Macrophages sustain HIV replication in vivo independently of T cells

Jenna B. Honeycutt, Angela Wahl, Caroline Baker, Rae Ann Spagnuolo, John Foster, Oksana Zakharova, Stephen Wietgrefe, Carolina Caro-Vegas, Victoria Madden, Garrett Sharpe, Ashley T. Haase, Joseph J. Eron, J. Victor Garcia

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194 Scopus citations


Macrophages have long been considered to contribute to HIV infection of the CNS; however, a recent study has contradicted this early work and suggests that myeloid cells are not an in vivo source of virus production. Here, we addressed the role of macrophages in HIV infection by first analyzing monocytes isolated from viremic patients and patients undergoing antiretroviral treatment. We were unable to find viral DNA or viral outgrowth in monocytes isolated from peripheral blood. To determine whether tissue macrophages are productively infected, we used 3 different but complementary humanized mouse models. Two of these models (bone marrow/liver/thymus [BLT] mice and T cell-only mice [ToM]) have been previously described, and the third model was generated by reconstituting immunodeficient mice with human CD34+ hematopoietic stem cells that were devoid of human T cells (myeloid-only mice [MoM]) to specifically evaluate HIV replication in this population. Using MoM, we demonstrated that macrophages can sustain HIV replication in the absence of T cells; HIV-infected macrophages are distributed in various tissues including the brain; replication-competent virus can be rescued ex vivo from infected macrophages; and infected macrophages can establish de novo infection. Together, these results demonstrate that macrophages represent a genuine target for HIV infection in vivo that can sustain and transmit infection.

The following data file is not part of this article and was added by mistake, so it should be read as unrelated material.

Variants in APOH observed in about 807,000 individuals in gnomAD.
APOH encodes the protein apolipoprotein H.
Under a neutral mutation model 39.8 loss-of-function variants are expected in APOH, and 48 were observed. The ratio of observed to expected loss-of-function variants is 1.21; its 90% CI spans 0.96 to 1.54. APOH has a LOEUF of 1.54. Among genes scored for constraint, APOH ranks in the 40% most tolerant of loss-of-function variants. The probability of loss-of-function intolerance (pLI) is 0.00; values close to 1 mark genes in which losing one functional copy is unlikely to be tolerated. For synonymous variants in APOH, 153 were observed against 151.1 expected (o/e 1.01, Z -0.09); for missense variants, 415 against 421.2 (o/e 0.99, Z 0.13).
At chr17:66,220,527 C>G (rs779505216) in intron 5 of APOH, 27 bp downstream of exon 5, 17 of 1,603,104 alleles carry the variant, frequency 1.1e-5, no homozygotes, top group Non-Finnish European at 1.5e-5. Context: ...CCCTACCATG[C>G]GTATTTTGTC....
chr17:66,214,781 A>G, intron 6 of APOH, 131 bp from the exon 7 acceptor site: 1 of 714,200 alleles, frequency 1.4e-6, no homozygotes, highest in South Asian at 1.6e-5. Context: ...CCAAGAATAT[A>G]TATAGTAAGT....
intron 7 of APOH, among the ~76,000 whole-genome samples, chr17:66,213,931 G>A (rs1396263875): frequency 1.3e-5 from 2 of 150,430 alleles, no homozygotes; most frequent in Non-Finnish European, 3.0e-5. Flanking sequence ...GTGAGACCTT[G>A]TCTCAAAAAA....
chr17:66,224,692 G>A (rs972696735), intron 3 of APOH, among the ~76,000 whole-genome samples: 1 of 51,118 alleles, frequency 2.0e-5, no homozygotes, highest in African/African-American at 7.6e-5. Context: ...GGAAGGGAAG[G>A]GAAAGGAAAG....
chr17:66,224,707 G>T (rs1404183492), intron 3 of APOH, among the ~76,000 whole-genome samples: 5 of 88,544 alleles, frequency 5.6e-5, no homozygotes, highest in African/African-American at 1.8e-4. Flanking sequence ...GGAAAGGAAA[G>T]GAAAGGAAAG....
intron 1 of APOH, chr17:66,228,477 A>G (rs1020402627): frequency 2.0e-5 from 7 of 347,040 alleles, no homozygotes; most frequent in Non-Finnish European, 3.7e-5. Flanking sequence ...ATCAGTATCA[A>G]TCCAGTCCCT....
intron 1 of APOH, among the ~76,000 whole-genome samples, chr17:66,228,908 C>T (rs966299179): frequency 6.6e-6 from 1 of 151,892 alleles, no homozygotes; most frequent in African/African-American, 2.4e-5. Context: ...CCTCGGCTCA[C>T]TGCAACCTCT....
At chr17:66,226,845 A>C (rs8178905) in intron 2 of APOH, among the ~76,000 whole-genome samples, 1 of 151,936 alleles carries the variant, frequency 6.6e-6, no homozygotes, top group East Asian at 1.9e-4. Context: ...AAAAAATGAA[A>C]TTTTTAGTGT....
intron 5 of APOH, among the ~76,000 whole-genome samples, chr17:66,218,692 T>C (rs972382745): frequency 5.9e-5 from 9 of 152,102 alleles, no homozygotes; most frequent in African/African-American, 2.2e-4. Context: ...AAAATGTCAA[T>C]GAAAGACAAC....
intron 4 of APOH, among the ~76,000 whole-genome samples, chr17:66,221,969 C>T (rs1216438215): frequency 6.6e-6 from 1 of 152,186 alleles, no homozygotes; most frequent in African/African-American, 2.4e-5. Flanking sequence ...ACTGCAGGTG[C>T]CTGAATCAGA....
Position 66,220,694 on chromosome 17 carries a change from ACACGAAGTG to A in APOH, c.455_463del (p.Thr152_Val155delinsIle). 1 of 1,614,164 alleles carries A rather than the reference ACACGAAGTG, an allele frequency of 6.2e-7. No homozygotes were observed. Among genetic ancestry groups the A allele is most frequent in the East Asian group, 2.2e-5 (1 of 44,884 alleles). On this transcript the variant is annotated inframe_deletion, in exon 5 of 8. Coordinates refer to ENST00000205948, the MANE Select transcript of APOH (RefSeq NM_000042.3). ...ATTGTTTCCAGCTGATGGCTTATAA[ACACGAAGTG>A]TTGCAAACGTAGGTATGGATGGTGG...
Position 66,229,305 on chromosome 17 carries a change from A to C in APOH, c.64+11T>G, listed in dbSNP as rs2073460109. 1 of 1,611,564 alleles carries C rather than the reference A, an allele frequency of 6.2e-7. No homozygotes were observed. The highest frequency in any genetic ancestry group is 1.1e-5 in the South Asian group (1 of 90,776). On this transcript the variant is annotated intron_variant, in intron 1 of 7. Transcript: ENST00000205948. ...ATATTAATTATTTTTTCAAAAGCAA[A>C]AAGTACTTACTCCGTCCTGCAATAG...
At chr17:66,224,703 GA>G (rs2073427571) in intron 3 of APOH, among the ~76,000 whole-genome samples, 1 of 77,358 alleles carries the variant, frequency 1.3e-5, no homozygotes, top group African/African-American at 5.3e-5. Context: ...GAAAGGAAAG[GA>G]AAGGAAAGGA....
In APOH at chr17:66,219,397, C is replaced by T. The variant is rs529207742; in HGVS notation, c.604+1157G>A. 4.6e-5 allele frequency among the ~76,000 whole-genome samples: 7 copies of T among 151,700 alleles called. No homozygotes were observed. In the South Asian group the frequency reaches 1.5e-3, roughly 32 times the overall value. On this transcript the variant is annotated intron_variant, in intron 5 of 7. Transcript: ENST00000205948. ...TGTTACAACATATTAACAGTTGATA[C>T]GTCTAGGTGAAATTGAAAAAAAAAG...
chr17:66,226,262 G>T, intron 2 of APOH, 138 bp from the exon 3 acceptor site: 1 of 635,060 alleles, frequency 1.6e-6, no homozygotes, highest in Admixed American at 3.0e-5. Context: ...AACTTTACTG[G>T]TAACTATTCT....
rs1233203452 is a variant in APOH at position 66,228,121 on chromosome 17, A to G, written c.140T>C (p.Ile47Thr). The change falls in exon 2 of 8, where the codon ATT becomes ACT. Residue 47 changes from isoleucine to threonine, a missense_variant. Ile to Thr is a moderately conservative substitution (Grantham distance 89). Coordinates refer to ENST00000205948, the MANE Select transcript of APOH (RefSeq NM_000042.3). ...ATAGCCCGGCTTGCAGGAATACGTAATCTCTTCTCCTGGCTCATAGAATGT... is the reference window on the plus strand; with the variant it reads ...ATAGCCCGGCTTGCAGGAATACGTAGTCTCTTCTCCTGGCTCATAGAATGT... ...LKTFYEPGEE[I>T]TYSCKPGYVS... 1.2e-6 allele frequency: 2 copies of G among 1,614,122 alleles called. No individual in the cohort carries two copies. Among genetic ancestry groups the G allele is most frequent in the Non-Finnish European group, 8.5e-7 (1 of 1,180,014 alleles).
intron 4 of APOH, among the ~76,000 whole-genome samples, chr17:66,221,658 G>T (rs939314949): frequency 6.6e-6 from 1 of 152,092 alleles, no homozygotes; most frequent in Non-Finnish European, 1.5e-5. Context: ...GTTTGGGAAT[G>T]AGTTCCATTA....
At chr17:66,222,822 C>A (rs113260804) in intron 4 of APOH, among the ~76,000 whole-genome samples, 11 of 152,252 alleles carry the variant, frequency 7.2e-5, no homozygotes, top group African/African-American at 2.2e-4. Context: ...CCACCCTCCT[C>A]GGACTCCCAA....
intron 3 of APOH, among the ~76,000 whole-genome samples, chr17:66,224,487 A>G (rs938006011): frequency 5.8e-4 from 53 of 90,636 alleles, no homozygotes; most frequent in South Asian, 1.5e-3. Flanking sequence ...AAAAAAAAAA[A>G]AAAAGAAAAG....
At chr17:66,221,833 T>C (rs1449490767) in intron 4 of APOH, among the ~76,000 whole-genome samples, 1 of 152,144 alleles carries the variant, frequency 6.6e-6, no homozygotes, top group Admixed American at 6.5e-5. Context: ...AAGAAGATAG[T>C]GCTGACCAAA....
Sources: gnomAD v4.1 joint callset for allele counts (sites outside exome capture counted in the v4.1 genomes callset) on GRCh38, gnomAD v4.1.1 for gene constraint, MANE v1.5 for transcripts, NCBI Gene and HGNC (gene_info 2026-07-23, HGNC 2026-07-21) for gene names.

Original languageEnglish (US)
Pages (from-to)1353-1366
Number of pages14
JournalJournal of Clinical Investigation
Issue number4
StatePublished - Apr 1 2016

Bibliographical note

Funding Information:
This work was supported in part by grants from the National Institute of Allergy and Infectious Diseases (NIAID) (AI-096113 and AI-111899) and the National Institute of Mental Health (NIMH) (MH-108179). J.B. Honeycutt was also supported in part by Virology Training Grant T32 AI-007419.


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